In organisms other than bryophytes, accumulated physiological knowledge has allowed for the generation of management models of target entity. Moreover, it has become possible to predict the response to changes, to test and develop conservation strategies, i.e., to reach the goal of desirable conservation outcomes [1].
The approach to various threatened taxa cannot be the same bearing in mind that some suffer from habitat changes and degradation and others from rather low fitness. Although the study of such taxa can be the same, the conservation programs may differ to achieve the same goal.
It should be stated that conservation physiological studies should not be solely directed at environmental changes, but also antropogenically induced impacts and the responses of bryophytes to them. It should be highlighted that conservation physiology and its approach do not include only threatened taxa and abiotic stressors, but also the study of the functions and mechanisms of taxa which may threaten natural ecosystems and native species, such as alien or invasive species.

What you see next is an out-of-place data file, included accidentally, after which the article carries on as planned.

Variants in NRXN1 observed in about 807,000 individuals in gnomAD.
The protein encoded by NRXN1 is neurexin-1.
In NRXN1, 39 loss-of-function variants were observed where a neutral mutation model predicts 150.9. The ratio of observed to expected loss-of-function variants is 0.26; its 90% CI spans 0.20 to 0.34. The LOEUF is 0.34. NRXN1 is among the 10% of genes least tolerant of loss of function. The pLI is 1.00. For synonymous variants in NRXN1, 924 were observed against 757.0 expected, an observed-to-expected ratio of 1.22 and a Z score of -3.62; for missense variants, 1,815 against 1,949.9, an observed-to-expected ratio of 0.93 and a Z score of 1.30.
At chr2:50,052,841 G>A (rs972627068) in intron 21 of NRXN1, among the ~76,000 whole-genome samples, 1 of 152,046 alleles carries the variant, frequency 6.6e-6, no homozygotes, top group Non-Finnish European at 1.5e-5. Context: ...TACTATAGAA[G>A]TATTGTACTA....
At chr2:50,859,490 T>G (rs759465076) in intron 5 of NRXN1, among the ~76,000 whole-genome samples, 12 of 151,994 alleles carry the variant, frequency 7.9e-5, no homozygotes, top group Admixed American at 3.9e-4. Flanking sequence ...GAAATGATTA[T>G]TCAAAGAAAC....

The conservation physiology of bryophytes faces numerous constraints. There are not very many bryophyte scientists and few of them deal with the experimental approach. The plant material is rather hard to recognize and find in relevant developmental phases, and the known habitat can be very distant and not easily accessible, especially for priority and/or targeted species. In vitro and ex situ collections are rather rare and hard to establish, and the asexual reproduction of haplotypes can be problematic when considering the genetic loss or structure of the population for conservation. Nevertheless, there are also advantage such as the small size of bryophytes compared to other plants, demanding less laboratory space and lower costs.